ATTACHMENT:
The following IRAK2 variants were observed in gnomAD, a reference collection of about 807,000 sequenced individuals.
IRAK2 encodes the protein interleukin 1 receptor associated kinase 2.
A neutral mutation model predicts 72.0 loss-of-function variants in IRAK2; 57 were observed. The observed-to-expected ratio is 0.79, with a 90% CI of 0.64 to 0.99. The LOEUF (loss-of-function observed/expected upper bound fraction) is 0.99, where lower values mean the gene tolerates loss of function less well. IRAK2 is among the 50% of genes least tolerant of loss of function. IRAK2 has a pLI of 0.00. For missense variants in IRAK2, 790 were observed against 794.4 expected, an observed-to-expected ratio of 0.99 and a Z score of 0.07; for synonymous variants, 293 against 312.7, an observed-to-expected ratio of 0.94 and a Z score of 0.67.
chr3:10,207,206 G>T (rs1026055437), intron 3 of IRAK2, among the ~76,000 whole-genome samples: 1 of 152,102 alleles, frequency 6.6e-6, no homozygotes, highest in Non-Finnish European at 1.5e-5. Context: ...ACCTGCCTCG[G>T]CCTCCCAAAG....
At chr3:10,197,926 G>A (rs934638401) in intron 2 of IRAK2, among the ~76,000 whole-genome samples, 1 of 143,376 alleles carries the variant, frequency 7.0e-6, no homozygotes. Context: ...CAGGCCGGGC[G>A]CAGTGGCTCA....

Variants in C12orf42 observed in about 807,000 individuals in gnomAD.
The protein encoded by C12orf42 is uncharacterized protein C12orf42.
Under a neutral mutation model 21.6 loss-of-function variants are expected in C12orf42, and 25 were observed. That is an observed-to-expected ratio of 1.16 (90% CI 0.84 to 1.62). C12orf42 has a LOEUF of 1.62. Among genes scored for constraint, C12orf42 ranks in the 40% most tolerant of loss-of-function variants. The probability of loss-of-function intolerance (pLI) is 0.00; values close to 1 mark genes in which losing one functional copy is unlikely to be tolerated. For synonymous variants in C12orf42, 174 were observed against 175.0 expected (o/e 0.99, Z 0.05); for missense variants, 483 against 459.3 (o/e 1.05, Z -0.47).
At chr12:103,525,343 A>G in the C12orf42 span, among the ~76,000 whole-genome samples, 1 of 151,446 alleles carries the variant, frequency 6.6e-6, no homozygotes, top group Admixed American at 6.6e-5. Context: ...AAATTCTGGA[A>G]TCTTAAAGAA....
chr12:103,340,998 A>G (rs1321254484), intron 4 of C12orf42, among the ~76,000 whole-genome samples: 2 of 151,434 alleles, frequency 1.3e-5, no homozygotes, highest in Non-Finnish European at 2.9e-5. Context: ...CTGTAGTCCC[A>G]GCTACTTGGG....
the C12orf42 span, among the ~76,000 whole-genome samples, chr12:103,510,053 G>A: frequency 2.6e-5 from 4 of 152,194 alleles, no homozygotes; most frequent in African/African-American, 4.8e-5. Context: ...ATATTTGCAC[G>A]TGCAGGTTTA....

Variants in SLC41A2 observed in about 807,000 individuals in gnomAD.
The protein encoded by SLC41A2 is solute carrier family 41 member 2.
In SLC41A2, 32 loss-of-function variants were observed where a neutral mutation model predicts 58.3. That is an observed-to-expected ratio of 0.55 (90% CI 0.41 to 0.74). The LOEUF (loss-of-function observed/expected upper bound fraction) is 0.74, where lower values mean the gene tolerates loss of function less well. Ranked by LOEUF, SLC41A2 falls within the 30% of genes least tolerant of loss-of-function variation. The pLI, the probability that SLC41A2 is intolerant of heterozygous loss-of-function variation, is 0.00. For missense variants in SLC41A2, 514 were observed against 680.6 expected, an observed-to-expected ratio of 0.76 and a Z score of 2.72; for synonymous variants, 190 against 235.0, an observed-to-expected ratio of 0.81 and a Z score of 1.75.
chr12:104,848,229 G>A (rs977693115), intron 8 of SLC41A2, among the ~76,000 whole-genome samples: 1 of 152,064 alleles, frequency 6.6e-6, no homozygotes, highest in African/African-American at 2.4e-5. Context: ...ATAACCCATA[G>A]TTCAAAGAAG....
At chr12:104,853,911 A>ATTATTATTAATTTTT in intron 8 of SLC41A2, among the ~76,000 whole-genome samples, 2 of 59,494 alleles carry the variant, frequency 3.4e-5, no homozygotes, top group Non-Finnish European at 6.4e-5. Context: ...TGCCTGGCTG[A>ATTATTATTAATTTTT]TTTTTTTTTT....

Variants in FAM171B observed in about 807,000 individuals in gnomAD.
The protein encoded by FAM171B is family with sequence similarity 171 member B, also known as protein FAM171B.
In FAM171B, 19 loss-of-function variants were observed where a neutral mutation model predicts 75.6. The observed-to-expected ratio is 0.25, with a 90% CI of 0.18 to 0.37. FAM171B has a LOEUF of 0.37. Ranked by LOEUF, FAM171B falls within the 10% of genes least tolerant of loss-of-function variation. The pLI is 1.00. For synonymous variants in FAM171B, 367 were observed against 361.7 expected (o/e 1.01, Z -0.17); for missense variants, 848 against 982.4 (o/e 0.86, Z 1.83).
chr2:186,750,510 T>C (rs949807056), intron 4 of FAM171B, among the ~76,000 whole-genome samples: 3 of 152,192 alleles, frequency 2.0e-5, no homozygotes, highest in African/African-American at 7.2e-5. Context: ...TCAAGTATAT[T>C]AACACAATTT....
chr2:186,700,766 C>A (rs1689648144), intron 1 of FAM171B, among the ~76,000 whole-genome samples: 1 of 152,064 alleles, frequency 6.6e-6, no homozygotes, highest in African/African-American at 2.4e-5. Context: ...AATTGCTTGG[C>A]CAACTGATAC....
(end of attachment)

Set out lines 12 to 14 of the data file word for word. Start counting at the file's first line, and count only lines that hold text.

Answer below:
Variants in SLC41A2 observed in about 807,000 individuals in gnomAD.
The protein encoded by SLC41A2 is solute carrier family 41 member 2.
In SLC41A2, 32 loss-of-function variants were observed where a neutral mutation model predicts 58.3. That is an observed-to-expected ratio of 0.55 (90% CI 0.41 to 0.74). The LOEUF (loss-of-function observed/expected upper bound fraction) is 0.74, where lower values mean the gene tolerates loss of function less well. Ranked by LOEUF, SLC41A2 falls within the 30% of genes least tolerant of loss-of-function variation. The pLI, the probability that SLC41A2 is intolerant of heterozygous loss-of-function variation, is 0.00. For missense variants in SLC41A2, 514 were observed against 680.6 expected, an observed-to-expected ratio of 0.76 and a Z score of 2.72; for synonymous variants, 190 against 235.0, an observed-to-expected ratio of 0.81 and a Z score of 1.75.